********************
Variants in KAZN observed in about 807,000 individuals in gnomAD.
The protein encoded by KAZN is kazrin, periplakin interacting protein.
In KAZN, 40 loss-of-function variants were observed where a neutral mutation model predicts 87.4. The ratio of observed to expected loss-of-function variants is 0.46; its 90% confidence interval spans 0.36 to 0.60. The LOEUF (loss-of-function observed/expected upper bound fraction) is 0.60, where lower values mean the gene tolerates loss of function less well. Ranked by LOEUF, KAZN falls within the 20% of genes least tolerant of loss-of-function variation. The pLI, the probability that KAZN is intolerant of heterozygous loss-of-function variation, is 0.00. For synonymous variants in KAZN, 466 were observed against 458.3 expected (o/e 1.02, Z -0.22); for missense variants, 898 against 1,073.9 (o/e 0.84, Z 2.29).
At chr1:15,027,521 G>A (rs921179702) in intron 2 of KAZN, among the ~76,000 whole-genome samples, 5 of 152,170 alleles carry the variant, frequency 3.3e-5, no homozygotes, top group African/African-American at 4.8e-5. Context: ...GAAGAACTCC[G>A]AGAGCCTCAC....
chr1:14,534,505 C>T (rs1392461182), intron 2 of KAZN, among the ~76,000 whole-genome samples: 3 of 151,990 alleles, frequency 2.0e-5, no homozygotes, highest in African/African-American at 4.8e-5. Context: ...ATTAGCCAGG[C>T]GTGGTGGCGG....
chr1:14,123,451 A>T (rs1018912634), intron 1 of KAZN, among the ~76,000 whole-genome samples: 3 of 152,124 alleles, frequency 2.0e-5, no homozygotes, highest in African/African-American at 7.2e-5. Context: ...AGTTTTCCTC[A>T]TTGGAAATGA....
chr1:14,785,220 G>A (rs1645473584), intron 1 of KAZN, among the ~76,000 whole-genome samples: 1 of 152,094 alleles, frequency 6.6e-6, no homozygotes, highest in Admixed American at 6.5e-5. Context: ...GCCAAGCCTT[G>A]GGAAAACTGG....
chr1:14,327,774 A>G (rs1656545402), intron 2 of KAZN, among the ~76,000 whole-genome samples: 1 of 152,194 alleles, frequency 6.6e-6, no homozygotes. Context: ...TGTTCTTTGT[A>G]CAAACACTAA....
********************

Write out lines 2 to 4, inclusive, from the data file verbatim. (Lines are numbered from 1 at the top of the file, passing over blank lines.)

The protein encoded by KAZN is kazrin, periplakin interacting protein.
In KAZN, 40 loss-of-function variants were observed where a neutral mutation model predicts 87.4. The ratio of observed to expected loss-of-function variants is 0.46; its 90% confidence interval spans 0.36 to 0.60. The LOEUF (loss-of-function observed/expected upper bound fraction) is 0.60, where lower values mean the gene tolerates loss of function less well. Ranked by LOEUF, KAZN falls within the 20% of genes least tolerant of loss-of-function variation. The pLI, the probability that KAZN is intolerant of heterozygous loss-of-function variation, is 0.00. For synonymous variants in KAZN, 466 were observed against 458.3 expected (o/e 1.02, Z -0.22); for missense variants, 898 against 1,073.9 (o/e 0.84, Z 2.29).
At chr1:15,027,521 G>A (rs921179702) in intron 2 of KAZN, among the ~76,000 whole-genome samples, 5 of 152,170 alleles carry the variant, frequency 3.3e-5, no homozygotes, top group African/African-American at 4.8e-5. Context: ...GAAGAACTCC[G>A]AGAGCCTCAC....